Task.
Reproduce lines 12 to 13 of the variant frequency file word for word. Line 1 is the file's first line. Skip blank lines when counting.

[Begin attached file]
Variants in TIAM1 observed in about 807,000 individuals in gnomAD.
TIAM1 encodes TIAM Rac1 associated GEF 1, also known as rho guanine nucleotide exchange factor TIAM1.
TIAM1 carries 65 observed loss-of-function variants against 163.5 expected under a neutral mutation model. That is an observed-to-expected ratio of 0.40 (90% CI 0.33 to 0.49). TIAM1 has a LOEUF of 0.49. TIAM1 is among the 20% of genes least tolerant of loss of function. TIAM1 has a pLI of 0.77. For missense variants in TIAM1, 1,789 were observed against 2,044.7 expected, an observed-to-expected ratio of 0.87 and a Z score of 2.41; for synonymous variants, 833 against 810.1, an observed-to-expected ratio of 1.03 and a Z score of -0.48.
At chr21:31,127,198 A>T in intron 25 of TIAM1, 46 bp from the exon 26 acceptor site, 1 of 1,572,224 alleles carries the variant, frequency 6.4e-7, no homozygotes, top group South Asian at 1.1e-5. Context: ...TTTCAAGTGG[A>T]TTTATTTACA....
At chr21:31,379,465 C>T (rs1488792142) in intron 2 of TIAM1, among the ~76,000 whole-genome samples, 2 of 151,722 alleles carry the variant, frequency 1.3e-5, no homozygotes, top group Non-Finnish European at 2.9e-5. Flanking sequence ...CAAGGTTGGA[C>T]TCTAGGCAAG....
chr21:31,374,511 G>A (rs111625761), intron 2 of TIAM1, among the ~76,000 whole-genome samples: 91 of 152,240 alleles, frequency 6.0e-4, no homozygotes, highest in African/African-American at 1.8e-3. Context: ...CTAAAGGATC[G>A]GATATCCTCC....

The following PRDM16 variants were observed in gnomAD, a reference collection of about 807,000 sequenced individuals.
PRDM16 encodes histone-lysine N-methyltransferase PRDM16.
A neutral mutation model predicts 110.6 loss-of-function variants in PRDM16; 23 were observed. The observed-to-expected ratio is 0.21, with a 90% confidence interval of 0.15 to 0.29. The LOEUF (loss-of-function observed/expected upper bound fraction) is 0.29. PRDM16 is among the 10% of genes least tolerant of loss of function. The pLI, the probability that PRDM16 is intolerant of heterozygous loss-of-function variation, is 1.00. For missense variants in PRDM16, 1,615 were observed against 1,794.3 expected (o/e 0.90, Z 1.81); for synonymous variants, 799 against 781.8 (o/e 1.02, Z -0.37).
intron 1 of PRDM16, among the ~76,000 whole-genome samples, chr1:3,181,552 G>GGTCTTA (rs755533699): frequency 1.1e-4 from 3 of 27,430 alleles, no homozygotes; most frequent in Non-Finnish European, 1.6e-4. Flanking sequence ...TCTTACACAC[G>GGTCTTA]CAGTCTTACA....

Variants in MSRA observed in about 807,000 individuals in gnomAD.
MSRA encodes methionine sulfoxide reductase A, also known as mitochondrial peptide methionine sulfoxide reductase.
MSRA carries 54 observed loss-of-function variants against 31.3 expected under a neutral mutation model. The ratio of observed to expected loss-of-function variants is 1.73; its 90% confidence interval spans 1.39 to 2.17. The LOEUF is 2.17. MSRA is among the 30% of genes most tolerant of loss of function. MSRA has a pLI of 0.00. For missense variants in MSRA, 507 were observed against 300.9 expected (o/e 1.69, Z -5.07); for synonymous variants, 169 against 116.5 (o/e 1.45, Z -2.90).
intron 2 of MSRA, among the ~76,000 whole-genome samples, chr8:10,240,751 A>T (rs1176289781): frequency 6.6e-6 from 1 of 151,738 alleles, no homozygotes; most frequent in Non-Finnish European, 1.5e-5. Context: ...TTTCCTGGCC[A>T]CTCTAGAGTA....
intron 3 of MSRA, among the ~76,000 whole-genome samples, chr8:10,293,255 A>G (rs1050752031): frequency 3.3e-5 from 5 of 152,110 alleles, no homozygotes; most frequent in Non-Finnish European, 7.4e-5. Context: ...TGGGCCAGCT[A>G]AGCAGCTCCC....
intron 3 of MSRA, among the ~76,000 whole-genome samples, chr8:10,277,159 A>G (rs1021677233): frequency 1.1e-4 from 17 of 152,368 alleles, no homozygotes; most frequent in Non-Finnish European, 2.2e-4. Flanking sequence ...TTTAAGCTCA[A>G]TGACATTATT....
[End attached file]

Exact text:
MSRA encodes methionine sulfoxide reductase A, also known as mitochondrial peptide methionine sulfoxide reductase.
MSRA carries 54 observed loss-of-function variants against 31.3 expected under a neutral mutation model. The ratio of observed to expected loss-of-function variants is 1.73; its 90% confidence interval spans 1.39 to 2.17. The LOEUF is 2.17. MSRA is among the 30% of genes most tolerant of loss of function. MSRA has a pLI of 0.00. For missense variants in MSRA, 507 were observed against 300.9 expected (o/e 1.69, Z -5.07); for synonymous variants, 169 against 116.5 (o/e 1.45, Z -2.90).